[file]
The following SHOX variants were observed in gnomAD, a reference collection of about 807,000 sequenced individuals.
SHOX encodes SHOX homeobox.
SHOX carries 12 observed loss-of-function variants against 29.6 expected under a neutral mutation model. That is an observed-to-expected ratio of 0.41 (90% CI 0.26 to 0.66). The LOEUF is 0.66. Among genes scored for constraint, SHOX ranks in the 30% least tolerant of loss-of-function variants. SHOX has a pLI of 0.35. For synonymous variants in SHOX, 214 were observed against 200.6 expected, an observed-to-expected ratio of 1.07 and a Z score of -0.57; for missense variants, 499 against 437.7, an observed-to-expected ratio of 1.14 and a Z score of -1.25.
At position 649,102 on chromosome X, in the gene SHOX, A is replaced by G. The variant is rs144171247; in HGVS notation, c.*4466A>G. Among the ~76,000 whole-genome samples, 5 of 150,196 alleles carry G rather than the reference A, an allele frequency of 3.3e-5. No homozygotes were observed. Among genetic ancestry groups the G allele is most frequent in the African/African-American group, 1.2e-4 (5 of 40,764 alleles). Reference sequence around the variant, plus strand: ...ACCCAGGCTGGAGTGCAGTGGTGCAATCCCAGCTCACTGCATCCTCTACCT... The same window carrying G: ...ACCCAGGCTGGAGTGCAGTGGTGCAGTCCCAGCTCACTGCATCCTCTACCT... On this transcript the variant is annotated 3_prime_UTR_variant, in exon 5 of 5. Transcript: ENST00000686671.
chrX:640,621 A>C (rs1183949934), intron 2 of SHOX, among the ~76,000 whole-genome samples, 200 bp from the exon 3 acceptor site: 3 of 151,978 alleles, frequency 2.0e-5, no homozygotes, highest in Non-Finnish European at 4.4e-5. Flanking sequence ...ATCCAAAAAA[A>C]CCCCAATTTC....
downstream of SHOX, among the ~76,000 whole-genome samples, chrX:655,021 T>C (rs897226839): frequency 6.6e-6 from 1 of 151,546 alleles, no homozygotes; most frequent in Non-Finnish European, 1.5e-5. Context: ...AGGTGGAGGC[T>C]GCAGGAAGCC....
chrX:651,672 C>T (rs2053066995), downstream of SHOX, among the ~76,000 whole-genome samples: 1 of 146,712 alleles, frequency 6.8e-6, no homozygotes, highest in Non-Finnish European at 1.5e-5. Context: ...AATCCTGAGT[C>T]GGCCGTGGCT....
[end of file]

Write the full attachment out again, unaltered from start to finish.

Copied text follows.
The following SHOX variants were observed in gnomAD, a reference collection of about 807,000 sequenced individuals.
SHOX encodes SHOX homeobox.
SHOX carries 12 observed loss-of-function variants against 29.6 expected under a neutral mutation model. That is an observed-to-expected ratio of 0.41 (90% CI 0.26 to 0.66). The LOEUF is 0.66. Among genes scored for constraint, SHOX ranks in the 30% least tolerant of loss-of-function variants. SHOX has a pLI of 0.35. For synonymous variants in SHOX, 214 were observed against 200.6 expected, an observed-to-expected ratio of 1.07 and a Z score of -0.57; for missense variants, 499 against 437.7, an observed-to-expected ratio of 1.14 and a Z score of -1.25.
At position 649,102 on chromosome X, in the gene SHOX, A is replaced by G. The variant is rs144171247; in HGVS notation, c.*4466A>G. Among the ~76,000 whole-genome samples, 5 of 150,196 alleles carry G rather than the reference A, an allele frequency of 3.3e-5. No homozygotes were observed. Among genetic ancestry groups the G allele is most frequent in the African/African-American group, 1.2e-4 (5 of 40,764 alleles). Reference sequence around the variant, plus strand: ...ACCCAGGCTGGAGTGCAGTGGTGCAATCCCAGCTCACTGCATCCTCTACCT... The same window carrying G: ...ACCCAGGCTGGAGTGCAGTGGTGCAGTCCCAGCTCACTGCATCCTCTACCT... On this transcript the variant is annotated 3_prime_UTR_variant, in exon 5 of 5. Transcript: ENST00000686671.
chrX:640,621 A>C (rs1183949934), intron 2 of SHOX, among the ~76,000 whole-genome samples, 200 bp from the exon 3 acceptor site: 3 of 151,978 alleles, frequency 2.0e-5, no homozygotes, highest in Non-Finnish European at 4.4e-5. Flanking sequence ...ATCCAAAAAA[A>C]CCCCAATTTC....
downstream of SHOX, among the ~76,000 whole-genome samples, chrX:655,021 T>C (rs897226839): frequency 6.6e-6 from 1 of 151,546 alleles, no homozygotes; most frequent in Non-Finnish European, 1.5e-5. Context: ...AGGTGGAGGC[T>C]GCAGGAAGCC....
chrX:651,672 C>T (rs2053066995), downstream of SHOX, among the ~76,000 whole-genome samples: 1 of 146,712 alleles, frequency 6.8e-6, no homozygotes, highest in Non-Finnish European at 1.5e-5. Context: ...AATCCTGAGT[C>T]GGCCGTGGCT....